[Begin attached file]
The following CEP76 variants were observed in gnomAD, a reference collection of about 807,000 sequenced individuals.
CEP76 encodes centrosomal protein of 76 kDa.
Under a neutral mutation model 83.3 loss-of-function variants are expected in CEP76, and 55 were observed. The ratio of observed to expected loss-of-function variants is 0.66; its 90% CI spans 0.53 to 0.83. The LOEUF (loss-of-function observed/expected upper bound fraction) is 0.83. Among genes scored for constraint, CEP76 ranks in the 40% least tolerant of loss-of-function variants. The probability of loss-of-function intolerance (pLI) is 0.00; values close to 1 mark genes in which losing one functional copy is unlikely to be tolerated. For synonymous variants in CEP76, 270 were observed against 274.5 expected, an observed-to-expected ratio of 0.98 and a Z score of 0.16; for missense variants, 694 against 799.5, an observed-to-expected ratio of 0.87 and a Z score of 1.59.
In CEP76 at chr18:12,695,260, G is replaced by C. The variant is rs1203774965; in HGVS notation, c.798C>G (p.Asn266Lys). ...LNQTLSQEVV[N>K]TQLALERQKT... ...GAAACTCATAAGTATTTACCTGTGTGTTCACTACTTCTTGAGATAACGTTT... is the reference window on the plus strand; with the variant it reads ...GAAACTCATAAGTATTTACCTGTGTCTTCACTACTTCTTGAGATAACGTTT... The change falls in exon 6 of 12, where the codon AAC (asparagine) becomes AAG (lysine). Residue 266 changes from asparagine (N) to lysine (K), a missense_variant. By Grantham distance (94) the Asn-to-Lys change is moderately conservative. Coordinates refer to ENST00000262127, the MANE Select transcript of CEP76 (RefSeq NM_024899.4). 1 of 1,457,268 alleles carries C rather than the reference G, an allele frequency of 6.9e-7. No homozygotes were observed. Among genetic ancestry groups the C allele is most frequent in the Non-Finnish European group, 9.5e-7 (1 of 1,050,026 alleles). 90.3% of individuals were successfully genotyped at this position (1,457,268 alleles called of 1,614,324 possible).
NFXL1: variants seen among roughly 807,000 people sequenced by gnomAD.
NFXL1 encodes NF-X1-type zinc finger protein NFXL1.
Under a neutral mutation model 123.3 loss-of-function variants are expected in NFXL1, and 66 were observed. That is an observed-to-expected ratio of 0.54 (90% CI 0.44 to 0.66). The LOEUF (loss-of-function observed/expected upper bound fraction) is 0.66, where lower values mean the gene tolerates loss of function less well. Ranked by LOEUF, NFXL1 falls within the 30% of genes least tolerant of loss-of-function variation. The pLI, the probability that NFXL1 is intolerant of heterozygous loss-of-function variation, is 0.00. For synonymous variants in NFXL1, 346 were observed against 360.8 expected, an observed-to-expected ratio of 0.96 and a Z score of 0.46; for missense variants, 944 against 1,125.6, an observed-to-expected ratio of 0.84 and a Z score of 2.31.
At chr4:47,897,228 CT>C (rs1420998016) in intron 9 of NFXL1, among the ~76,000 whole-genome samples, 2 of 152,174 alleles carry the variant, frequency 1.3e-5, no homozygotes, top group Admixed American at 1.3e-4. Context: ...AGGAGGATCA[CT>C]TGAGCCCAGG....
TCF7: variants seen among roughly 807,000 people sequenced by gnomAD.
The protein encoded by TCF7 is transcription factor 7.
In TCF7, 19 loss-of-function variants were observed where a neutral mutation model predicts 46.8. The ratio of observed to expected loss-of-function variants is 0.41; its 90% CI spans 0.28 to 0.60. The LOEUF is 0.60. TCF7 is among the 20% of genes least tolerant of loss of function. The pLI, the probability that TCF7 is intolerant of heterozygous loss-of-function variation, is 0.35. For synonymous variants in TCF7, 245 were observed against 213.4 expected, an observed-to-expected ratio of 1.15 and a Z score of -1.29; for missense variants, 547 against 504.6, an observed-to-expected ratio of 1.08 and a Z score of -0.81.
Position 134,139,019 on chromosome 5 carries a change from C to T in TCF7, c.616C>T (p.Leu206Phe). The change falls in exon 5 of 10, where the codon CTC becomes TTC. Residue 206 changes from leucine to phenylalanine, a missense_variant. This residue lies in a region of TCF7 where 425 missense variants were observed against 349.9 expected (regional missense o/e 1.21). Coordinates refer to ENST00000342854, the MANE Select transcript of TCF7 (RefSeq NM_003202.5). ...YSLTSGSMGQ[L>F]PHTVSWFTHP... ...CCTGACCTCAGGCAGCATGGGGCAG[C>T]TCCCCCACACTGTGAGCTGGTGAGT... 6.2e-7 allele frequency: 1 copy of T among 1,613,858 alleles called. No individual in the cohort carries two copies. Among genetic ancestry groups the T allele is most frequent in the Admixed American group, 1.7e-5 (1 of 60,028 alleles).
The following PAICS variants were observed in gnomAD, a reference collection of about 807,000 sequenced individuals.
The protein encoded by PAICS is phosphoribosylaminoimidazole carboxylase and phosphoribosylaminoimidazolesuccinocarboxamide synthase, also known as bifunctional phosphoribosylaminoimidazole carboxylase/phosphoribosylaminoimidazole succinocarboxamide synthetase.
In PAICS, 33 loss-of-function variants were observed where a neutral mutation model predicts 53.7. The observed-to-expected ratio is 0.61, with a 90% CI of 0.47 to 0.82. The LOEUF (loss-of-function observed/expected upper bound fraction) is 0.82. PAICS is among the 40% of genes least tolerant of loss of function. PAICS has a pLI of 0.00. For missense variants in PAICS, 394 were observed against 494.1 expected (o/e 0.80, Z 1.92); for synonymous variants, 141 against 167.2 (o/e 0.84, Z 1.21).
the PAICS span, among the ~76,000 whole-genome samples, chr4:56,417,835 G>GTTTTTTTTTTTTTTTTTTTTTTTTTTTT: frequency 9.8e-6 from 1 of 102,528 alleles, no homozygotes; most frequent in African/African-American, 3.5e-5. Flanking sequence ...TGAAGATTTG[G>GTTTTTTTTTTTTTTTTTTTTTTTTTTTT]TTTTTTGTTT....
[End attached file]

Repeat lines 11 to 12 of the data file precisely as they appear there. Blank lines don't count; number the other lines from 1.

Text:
In TCF7, 19 loss-of-function variants were observed where a neutral mutation model predicts 46.8. The ratio of observed to expected loss-of-function variants is 0.41; its 90% CI spans 0.28 to 0.60. The LOEUF is 0.60. TCF7 is among the 20% of genes least tolerant of loss of function. The pLI, the probability that TCF7 is intolerant of heterozygous loss-of-function variation, is 0.35. For synonymous variants in TCF7, 245 were observed against 213.4 expected, an observed-to-expected ratio of 1.15 and a Z score of -1.29; for missense variants, 547 against 504.6, an observed-to-expected ratio of 1.08 and a Z score of -0.81.
Position 134,139,019 on chromosome 5 carries a change from C to T in TCF7, c.616C>T (p.Leu206Phe). The change falls in exon 5 of 10, where the codon CTC becomes TTC. Residue 206 changes from leucine to phenylalanine, a missense_variant. This residue lies in a region of TCF7 where 425 missense variants were observed against 349.9 expected (regional missense o/e 1.21). Coordinates refer to ENST00000342854, the MANE Select transcript of TCF7 (RefSeq NM_003202.5). ...YSLTSGSMGQ[L>F]PHTVSWFTHP... ...CCTGACCTCAGGCAGCATGGGGCAG[C>T]TCCCCCACACTGTGAGCTGGTGAGT... 6.2e-7 allele frequency: 1 copy of T among 1,613,858 alleles called. No individual in the cohort carries two copies. Among genetic ancestry groups the T allele is most frequent in the Admixed American group, 1.7e-5 (1 of 60,028 alleles).